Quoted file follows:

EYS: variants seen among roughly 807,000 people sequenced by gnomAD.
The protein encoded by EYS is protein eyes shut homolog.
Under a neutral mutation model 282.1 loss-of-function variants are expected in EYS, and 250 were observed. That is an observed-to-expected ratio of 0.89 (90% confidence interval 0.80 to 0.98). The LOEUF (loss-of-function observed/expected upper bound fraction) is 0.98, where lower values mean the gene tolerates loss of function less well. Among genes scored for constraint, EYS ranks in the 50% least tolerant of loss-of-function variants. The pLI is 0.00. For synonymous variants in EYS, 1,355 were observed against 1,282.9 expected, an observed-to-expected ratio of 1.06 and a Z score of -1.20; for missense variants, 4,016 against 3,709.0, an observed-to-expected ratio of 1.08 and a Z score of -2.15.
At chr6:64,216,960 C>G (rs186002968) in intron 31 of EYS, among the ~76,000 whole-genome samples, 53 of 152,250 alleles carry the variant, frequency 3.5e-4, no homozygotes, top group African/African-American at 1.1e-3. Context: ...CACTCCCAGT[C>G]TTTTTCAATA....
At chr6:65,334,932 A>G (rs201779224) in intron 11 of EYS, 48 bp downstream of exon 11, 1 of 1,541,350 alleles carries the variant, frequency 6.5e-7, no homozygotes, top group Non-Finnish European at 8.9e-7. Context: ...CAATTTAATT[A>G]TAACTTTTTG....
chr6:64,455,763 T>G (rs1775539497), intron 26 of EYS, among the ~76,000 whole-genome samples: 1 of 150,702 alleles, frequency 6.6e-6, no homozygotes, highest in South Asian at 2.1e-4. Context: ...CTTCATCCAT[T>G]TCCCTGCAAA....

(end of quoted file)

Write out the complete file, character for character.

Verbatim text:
EYS: variants seen among roughly 807,000 people sequenced by gnomAD.
The protein encoded by EYS is protein eyes shut homolog.
Under a neutral mutation model 282.1 loss-of-function variants are expected in EYS, and 250 were observed. That is an observed-to-expected ratio of 0.89 (90% confidence interval 0.80 to 0.98). The LOEUF (loss-of-function observed/expected upper bound fraction) is 0.98, where lower values mean the gene tolerates loss of function less well. Among genes scored for constraint, EYS ranks in the 50% least tolerant of loss-of-function variants. The pLI is 0.00. For synonymous variants in EYS, 1,355 were observed against 1,282.9 expected, an observed-to-expected ratio of 1.06 and a Z score of -1.20; for missense variants, 4,016 against 3,709.0, an observed-to-expected ratio of 1.08 and a Z score of -2.15.
At chr6:64,216,960 C>G (rs186002968) in intron 31 of EYS, among the ~76,000 whole-genome samples, 53 of 152,250 alleles carry the variant, frequency 3.5e-4, no homozygotes, top group African/African-American at 1.1e-3. Context: ...CACTCCCAGT[C>G]TTTTTCAATA....
At chr6:65,334,932 A>G (rs201779224) in intron 11 of EYS, 48 bp downstream of exon 11, 1 of 1,541,350 alleles carries the variant, frequency 6.5e-7, no homozygotes, top group Non-Finnish European at 8.9e-7. Context: ...CAATTTAATT[A>G]TAACTTTTTG....
chr6:64,455,763 T>G (rs1775539497), intron 26 of EYS, among the ~76,000 whole-genome samples: 1 of 150,702 alleles, frequency 6.6e-6, no homozygotes, highest in South Asian at 2.1e-4. Context: ...CTTCATCCAT[T>G]TCCCTGCAAA....